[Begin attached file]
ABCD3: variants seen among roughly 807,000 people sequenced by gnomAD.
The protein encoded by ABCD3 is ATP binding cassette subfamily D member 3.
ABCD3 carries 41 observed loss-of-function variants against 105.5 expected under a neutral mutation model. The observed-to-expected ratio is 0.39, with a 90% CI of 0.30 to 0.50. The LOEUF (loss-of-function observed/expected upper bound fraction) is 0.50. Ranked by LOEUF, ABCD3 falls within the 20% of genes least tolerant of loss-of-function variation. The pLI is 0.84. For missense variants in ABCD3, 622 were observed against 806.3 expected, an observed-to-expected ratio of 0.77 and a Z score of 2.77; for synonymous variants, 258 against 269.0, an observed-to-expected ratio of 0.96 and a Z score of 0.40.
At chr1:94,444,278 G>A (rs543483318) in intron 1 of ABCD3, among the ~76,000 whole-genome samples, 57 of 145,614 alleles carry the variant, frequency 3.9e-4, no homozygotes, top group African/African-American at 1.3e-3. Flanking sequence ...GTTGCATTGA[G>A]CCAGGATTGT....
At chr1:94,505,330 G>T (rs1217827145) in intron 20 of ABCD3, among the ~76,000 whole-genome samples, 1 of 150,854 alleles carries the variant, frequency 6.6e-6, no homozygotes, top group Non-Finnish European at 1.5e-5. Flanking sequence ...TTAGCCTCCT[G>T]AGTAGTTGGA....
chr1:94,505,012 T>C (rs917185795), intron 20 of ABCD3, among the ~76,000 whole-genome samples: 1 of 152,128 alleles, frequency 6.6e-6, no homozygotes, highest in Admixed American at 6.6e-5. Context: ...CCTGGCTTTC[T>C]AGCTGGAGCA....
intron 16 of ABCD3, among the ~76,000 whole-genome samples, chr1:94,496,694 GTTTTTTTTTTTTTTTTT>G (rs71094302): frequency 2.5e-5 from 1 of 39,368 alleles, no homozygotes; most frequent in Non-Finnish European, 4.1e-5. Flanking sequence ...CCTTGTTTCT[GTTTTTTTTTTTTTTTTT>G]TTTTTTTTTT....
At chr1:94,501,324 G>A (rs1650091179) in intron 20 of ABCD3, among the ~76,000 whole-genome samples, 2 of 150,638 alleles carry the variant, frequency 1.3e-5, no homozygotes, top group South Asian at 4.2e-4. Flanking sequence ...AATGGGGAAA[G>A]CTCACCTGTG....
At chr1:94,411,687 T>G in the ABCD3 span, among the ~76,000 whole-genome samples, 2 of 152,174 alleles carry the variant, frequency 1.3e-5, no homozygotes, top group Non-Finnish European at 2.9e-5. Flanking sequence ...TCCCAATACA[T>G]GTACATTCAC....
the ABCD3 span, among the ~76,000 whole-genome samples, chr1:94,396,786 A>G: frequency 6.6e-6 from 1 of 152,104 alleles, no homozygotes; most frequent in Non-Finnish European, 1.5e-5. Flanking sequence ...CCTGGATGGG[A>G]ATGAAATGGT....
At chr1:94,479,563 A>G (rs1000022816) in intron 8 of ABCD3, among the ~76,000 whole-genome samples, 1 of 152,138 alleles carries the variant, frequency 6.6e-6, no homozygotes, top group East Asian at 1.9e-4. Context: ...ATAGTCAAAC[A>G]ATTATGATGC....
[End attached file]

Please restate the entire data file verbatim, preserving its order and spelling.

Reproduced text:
ABCD3: variants seen among roughly 807,000 people sequenced by gnomAD.
The protein encoded by ABCD3 is ATP binding cassette subfamily D member 3.
ABCD3 carries 41 observed loss-of-function variants against 105.5 expected under a neutral mutation model. The observed-to-expected ratio is 0.39, with a 90% CI of 0.30 to 0.50. The LOEUF (loss-of-function observed/expected upper bound fraction) is 0.50. Ranked by LOEUF, ABCD3 falls within the 20% of genes least tolerant of loss-of-function variation. The pLI is 0.84. For missense variants in ABCD3, 622 were observed against 806.3 expected, an observed-to-expected ratio of 0.77 and a Z score of 2.77; for synonymous variants, 258 against 269.0, an observed-to-expected ratio of 0.96 and a Z score of 0.40.
At chr1:94,444,278 G>A (rs543483318) in intron 1 of ABCD3, among the ~76,000 whole-genome samples, 57 of 145,614 alleles carry the variant, frequency 3.9e-4, no homozygotes, top group African/African-American at 1.3e-3. Flanking sequence ...GTTGCATTGA[G>A]CCAGGATTGT....
At chr1:94,505,330 G>T (rs1217827145) in intron 20 of ABCD3, among the ~76,000 whole-genome samples, 1 of 150,854 alleles carries the variant, frequency 6.6e-6, no homozygotes, top group Non-Finnish European at 1.5e-5. Flanking sequence ...TTAGCCTCCT[G>T]AGTAGTTGGA....
chr1:94,505,012 T>C (rs917185795), intron 20 of ABCD3, among the ~76,000 whole-genome samples: 1 of 152,128 alleles, frequency 6.6e-6, no homozygotes, highest in Admixed American at 6.6e-5. Context: ...CCTGGCTTTC[T>C]AGCTGGAGCA....
intron 16 of ABCD3, among the ~76,000 whole-genome samples, chr1:94,496,694 GTTTTTTTTTTTTTTTTT>G (rs71094302): frequency 2.5e-5 from 1 of 39,368 alleles, no homozygotes; most frequent in Non-Finnish European, 4.1e-5. Flanking sequence ...CCTTGTTTCT[GTTTTTTTTTTTTTTTTT>G]TTTTTTTTTT....
At chr1:94,501,324 G>A (rs1650091179) in intron 20 of ABCD3, among the ~76,000 whole-genome samples, 2 of 150,638 alleles carry the variant, frequency 1.3e-5, no homozygotes, top group South Asian at 4.2e-4. Flanking sequence ...AATGGGGAAA[G>A]CTCACCTGTG....
At chr1:94,411,687 T>G in the ABCD3 span, among the ~76,000 whole-genome samples, 2 of 152,174 alleles carry the variant, frequency 1.3e-5, no homozygotes, top group Non-Finnish European at 2.9e-5. Flanking sequence ...TCCCAATACA[T>G]GTACATTCAC....
the ABCD3 span, among the ~76,000 whole-genome samples, chr1:94,396,786 A>G: frequency 6.6e-6 from 1 of 152,104 alleles, no homozygotes; most frequent in Non-Finnish European, 1.5e-5. Flanking sequence ...CCTGGATGGG[A>G]ATGAAATGGT....
At chr1:94,479,563 A>G (rs1000022816) in intron 8 of ABCD3, among the ~76,000 whole-genome samples, 1 of 152,138 alleles carries the variant, frequency 6.6e-6, no homozygotes, top group East Asian at 1.9e-4. Context: ...ATAGTCAAAC[A>G]ATTATGATGC....